The phone hacking incident is like finding two undesirable creatures on the steps down into the cellar. This fact of finding two creatures does not mean that you have two creatures in the house; it means that you may have 2000 creatures.
News of the World applied phone hacking in the context of the criminal case of a kidnapped girl. This case received a lot of coverage in British media and was heavily researched by police. In addition, NOTW not only listened to messages in the mailbox but left traces by deleting some of the messages. These facts might add to the reasons why the incident came out at all.
There might be many more cases of phone hacking -- another "2000 creatures" from the analogy above -- which we haven't seen and might never see.
A Larger Issue?
Rupert Murdoch is controversial not just because of the phone hacking episodes. His newspapers and TV outlets are often regarded as heavily biased purveyors of political viewpoints rather than news outlets. The Fox TV channels, for example, are rabidly conservative in their US outlook, and "news" reported there may not match news coverage of the same events by less biased media outlets. The same is true of the Murdoch-owned Australian newspaper, which switched from legitimate news coverage to conservative political side-taking almost immediately after Murdoch took it over several years ago.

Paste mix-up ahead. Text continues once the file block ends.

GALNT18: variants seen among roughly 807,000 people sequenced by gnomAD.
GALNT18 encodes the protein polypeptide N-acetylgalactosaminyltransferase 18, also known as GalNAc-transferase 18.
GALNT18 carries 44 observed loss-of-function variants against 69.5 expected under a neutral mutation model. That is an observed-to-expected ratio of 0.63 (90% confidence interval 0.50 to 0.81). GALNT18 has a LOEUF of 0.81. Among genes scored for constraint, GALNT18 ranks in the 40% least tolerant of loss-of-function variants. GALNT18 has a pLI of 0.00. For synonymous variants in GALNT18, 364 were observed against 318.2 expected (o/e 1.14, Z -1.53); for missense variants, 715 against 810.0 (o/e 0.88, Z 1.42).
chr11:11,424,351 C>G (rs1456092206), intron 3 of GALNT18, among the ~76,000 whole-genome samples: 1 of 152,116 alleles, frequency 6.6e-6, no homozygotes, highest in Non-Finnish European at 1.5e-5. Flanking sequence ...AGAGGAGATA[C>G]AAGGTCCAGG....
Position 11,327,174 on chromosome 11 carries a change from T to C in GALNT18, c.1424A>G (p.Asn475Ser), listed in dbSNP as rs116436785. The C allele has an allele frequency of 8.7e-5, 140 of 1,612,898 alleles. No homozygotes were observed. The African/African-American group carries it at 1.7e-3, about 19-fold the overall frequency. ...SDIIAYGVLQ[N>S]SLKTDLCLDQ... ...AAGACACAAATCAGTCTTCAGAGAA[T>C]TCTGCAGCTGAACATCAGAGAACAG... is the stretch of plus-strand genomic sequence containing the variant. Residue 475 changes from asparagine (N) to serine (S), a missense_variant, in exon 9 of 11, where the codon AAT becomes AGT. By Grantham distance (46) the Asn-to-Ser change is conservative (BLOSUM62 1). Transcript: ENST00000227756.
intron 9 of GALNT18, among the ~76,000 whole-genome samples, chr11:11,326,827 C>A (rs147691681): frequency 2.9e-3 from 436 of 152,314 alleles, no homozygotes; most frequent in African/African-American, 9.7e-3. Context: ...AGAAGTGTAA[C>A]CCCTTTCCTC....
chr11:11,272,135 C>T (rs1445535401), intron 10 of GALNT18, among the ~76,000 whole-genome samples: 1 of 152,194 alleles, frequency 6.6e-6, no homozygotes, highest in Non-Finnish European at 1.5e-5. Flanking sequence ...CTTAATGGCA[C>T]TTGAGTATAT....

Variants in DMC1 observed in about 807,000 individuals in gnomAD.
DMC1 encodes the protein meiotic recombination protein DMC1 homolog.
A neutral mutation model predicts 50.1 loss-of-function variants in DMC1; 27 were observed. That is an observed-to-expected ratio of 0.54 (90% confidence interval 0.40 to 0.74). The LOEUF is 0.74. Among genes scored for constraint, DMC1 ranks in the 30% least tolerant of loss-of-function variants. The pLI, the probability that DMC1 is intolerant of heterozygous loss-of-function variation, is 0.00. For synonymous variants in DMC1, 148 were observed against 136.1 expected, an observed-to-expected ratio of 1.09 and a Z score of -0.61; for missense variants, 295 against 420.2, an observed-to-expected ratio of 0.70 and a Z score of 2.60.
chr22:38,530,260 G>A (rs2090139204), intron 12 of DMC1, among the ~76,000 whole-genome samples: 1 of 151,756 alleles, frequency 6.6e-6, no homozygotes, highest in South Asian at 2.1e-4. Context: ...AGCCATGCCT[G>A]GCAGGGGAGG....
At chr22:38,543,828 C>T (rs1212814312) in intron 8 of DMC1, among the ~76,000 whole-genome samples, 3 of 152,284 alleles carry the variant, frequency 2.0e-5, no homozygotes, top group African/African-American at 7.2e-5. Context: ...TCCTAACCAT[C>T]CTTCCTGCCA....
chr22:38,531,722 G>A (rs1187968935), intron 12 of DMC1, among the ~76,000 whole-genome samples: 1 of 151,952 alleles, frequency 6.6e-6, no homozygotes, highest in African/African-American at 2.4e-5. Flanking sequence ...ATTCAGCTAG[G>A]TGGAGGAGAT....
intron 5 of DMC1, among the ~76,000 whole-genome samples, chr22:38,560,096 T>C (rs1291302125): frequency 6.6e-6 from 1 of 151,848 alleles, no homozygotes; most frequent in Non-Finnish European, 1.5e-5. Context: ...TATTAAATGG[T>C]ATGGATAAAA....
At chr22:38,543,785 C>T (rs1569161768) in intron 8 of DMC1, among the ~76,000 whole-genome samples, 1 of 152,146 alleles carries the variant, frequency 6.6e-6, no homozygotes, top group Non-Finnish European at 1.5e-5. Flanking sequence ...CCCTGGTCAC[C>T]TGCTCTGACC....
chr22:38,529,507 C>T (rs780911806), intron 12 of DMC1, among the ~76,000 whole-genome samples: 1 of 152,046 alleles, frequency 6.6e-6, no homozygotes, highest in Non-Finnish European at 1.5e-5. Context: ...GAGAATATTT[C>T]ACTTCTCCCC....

It is interesting to speculate which is the worst offence: phone hacking or biased news reporting. The phone hacking episodes, of course, became a primary focus of world attention, caused the firing or resignation of several key Murdoch employees, and were even the cause of parliamentary inquiries in the UK. But there has been no investigation of the biased political reporting -- even though there have been hints of it in Australia -- since (a) the political side Murdoch seems to favor defends his actions vigorously, and (b) members of the press generally take the position that making Murdoch change his approach to journalism would be a violation of Freedom of the Press (his actions are, of course, a violation of journalistic ethics, which say that politically biased stories should not be on the news pages, only on the editorial pages).
Could manipulating the opinions of the people be a more serious breach of social responsibility and perhaps the law than phone hacking? The former eventually affects the direction a nation may take, whereas the latter, though devastating to those hacked, only affects the people involved. But it is so far evident that neither the political system nor the legal system, in any of the countries involved, will address the biased news issue.